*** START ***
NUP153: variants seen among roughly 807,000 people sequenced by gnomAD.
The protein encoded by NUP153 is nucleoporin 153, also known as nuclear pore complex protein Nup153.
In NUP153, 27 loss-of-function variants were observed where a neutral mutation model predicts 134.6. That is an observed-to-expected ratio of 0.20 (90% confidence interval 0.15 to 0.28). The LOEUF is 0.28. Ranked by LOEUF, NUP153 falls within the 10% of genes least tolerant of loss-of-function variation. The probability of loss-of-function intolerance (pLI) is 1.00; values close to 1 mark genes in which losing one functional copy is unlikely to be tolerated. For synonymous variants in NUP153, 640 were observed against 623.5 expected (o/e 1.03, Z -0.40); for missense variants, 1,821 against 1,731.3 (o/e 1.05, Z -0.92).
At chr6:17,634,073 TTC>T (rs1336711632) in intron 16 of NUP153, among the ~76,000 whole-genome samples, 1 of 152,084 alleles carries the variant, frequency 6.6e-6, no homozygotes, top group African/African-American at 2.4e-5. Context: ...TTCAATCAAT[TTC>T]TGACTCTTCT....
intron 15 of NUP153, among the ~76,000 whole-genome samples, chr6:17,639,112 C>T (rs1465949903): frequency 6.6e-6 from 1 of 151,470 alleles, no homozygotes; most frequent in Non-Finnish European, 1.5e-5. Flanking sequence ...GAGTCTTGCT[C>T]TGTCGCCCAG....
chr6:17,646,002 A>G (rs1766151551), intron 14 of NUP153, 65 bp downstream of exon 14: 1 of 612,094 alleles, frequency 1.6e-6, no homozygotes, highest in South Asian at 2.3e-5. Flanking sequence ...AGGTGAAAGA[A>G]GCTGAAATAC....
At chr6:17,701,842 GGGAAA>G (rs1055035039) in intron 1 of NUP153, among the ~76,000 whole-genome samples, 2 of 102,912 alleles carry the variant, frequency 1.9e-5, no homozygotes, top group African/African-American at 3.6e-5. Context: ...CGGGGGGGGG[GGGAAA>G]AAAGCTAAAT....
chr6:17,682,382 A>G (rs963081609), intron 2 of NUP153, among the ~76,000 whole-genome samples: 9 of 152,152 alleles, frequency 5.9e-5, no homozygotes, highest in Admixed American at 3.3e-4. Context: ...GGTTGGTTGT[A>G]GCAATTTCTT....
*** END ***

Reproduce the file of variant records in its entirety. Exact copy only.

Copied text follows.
NUP153: variants seen among roughly 807,000 people sequenced by gnomAD.
The protein encoded by NUP153 is nucleoporin 153, also known as nuclear pore complex protein Nup153.
In NUP153, 27 loss-of-function variants were observed where a neutral mutation model predicts 134.6. That is an observed-to-expected ratio of 0.20 (90% confidence interval 0.15 to 0.28). The LOEUF is 0.28. Ranked by LOEUF, NUP153 falls within the 10% of genes least tolerant of loss-of-function variation. The probability of loss-of-function intolerance (pLI) is 1.00; values close to 1 mark genes in which losing one functional copy is unlikely to be tolerated. For synonymous variants in NUP153, 640 were observed against 623.5 expected (o/e 1.03, Z -0.40); for missense variants, 1,821 against 1,731.3 (o/e 1.05, Z -0.92).
At chr6:17,634,073 TTC>T (rs1336711632) in intron 16 of NUP153, among the ~76,000 whole-genome samples, 1 of 152,084 alleles carries the variant, frequency 6.6e-6, no homozygotes, top group African/African-American at 2.4e-5. Context: ...TTCAATCAAT[TTC>T]TGACTCTTCT....
intron 15 of NUP153, among the ~76,000 whole-genome samples, chr6:17,639,112 C>T (rs1465949903): frequency 6.6e-6 from 1 of 151,470 alleles, no homozygotes; most frequent in Non-Finnish European, 1.5e-5. Flanking sequence ...GAGTCTTGCT[C>T]TGTCGCCCAG....
chr6:17,646,002 A>G (rs1766151551), intron 14 of NUP153, 65 bp downstream of exon 14: 1 of 612,094 alleles, frequency 1.6e-6, no homozygotes, highest in South Asian at 2.3e-5. Flanking sequence ...AGGTGAAAGA[A>G]GCTGAAATAC....
At chr6:17,701,842 GGGAAA>G (rs1055035039) in intron 1 of NUP153, among the ~76,000 whole-genome samples, 2 of 102,912 alleles carry the variant, frequency 1.9e-5, no homozygotes, top group African/African-American at 3.6e-5. Context: ...CGGGGGGGGG[GGGAAA>G]AAAGCTAAAT....
chr6:17,682,382 A>G (rs963081609), intron 2 of NUP153, among the ~76,000 whole-genome samples: 9 of 152,152 alleles, frequency 5.9e-5, no homozygotes, highest in Admixed American at 3.3e-4. Context: ...GGTTGGTTGT[A>G]GCAATTTCTT....